At the same time, I was also making three-dimensional work in response to all of this – these pieces done in needlepoint, using plastic canvas and cheap yarn.

CS: How did you come to work with those materials?

BFR: I happened to be dating a girl at the time who was really into knitting, and she had the Readers Digest Guide to Needle Arts, which is sort of the bible of needle arts. I was flipping through it and realized that it looked very similar to a lot of the video art I was making at the time, particularly in terms of pixelation. I remember then going to Wal-Mart – that’s the only store around Alfred – and finding that the cheapest acrylic yarns came in these really phenomenal colors that matched the palettes I was using in my other work. So from there, I just started creating similar patterns in needlepoint. It was really a natural connection.



CS: So then at what point did your interests begin to turn towards conservation?

BFR: Not until about three years later, after I’d graduated and moved to Providence. I’d spent that time playing in bands, making art, showing work. But then at one point, I was in New York for an exhibition, and was talking with someone who, although I didn’t know her at the time, would go on to become a great friend. She was asking me about my day job, which happened to be in the archives of the Hasbro toy company. She looked at my work, heard me talk about my day job, and sort of connected the dots. She told me about different Masters programs in New York for digitally oriented archival sciences and information science. So I looked into it, and by 2010, I’d moved to the city to attend grad school at Pratt, where I eventually earned a Masters in Library Science and an MFA in Digital Arts.

CS: As you were entering graduate studies, were you already thinking that digital preservation might be your focus?

BFR: Not at all – I really wasn’t even aware of it as a field when I entered the program. I’d started it simply because I had a love of archives. Through my work at Hasbro, I’d experienced what a lot of young archivists experience, which is the love for a collection, for a process. What I was really interested in at Hasbro was the pre-production archives, for which I’d developed a cataloging system; when I’d started there, it was really just a room full of stuff – little cast objects, parts of transformers, things that had never been realized. So I was entering into the program being interested in that sort of thing, but once I was there, I read some things by Annette Decker, who’s gone on to become a great friend and colleague. Reading her work, there was this moment of epiphany: All of this work that I love, these works by my friends and artists I admire, are facing this looming problem that I’ve never thought about.

I think a lot of conservators experience that moment. For example, Glenn Wharton, who hired me at MoMA but has since left, actually came to it while living on a monastery. There was this monk who happened to be doing some conservation on an old manuscript, and Glenn had the same moment of epiphany: Things fall apart, and addressing that is really interesting, because it’s a rich combination of material sciences, and philosophy, and ethics, and so on. I think a lot of people, when they first have that realization, just kind of go down the rabbit hole, and that’s really what happened to me.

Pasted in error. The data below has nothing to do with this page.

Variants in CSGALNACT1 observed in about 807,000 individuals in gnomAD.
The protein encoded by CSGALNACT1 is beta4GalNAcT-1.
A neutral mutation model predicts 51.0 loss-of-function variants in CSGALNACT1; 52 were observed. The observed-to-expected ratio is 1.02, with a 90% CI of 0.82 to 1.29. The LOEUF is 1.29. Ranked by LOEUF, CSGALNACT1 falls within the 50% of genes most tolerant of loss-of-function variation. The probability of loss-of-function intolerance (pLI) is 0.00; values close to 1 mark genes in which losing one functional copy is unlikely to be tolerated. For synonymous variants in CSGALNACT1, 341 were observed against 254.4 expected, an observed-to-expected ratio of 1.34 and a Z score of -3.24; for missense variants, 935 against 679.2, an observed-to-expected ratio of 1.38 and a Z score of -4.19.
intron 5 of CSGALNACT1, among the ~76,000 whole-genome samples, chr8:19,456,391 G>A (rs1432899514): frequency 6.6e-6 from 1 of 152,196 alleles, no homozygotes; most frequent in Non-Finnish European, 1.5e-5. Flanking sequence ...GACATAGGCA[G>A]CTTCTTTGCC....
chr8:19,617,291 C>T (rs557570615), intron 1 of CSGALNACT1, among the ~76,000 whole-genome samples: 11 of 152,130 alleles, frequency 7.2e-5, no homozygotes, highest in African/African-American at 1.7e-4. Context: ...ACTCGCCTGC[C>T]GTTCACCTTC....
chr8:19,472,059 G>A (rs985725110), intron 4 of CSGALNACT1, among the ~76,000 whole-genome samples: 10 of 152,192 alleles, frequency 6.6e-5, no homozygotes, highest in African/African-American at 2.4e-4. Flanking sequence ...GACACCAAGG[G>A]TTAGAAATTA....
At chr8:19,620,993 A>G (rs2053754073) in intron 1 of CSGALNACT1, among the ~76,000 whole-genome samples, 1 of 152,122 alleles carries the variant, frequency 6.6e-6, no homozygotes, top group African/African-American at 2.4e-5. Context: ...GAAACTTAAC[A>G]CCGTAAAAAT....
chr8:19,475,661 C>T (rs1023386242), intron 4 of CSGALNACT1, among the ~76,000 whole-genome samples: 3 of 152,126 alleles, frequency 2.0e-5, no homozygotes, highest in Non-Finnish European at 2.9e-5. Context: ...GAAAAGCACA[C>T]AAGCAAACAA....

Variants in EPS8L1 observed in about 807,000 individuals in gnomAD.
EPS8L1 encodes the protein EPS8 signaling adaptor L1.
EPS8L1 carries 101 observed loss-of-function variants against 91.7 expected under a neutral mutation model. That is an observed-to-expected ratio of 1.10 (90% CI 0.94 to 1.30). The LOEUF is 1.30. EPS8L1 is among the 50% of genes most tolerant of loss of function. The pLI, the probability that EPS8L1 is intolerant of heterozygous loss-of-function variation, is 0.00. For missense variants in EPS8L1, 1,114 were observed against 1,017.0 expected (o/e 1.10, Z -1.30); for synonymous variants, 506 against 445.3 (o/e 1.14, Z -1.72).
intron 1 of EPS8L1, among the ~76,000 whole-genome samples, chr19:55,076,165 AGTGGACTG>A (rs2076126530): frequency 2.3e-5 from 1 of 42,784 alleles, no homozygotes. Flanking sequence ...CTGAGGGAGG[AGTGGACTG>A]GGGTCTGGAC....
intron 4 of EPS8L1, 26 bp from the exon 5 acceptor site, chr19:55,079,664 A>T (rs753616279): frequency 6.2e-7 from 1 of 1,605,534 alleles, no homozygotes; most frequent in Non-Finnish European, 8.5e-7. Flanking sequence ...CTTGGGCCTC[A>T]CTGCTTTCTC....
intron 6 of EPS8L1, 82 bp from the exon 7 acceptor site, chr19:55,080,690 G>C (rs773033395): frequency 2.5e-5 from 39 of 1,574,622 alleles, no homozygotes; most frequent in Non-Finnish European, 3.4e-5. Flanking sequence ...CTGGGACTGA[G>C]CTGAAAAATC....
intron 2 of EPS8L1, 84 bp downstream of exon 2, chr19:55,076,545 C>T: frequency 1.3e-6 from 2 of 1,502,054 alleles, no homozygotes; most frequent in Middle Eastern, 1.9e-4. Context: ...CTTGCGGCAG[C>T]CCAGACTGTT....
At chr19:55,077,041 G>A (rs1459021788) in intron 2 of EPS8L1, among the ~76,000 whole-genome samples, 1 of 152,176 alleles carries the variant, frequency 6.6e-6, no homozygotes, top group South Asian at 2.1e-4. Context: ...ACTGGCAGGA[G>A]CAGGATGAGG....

CS: Do you think having a background as a studio artist has benefited your work as a conservator?

BFR: Absolutely. I think it’s actually quite critical for any conservator’s practice. It affords one a sense of empathy with the artist and with the materials, more of a direct understanding of what conservators call “handwork,” which is about having to actually handle the work physically. It requires an understanding of the feel of paint as your applying it to canvas, or the weight of some material used to create a sculpture. So if you’ve been a practicing artist, you can come to the work with a lot of that knowledge already under your belt.

CS: Was it a strange transition for you to go from producing your own work to managing other peoples?

BFR: Not really. I was definitely drifting away from making work at that point, becoming more interested in supporting people who were making work I believed in. It’s kind of similar to how some people are really into music, but decide they don’t want to play professionally themselves – they’d rather run a record label and promote the stuff that they love.

I think you only have so much creative energy to spread in one direction or another, and currently, mine goes into the software that we’re building right now, and the study and research of artworks. I think the conservation of complex software-based artworks rewards me in the same way that artmaking used to. It requires making something; even if that something is a piece of code, it still requires working creatively in order to ensure the work’s longevity.

CS: So then in terms of the art that you personally enjoy, you generally lean towards the digital side of things?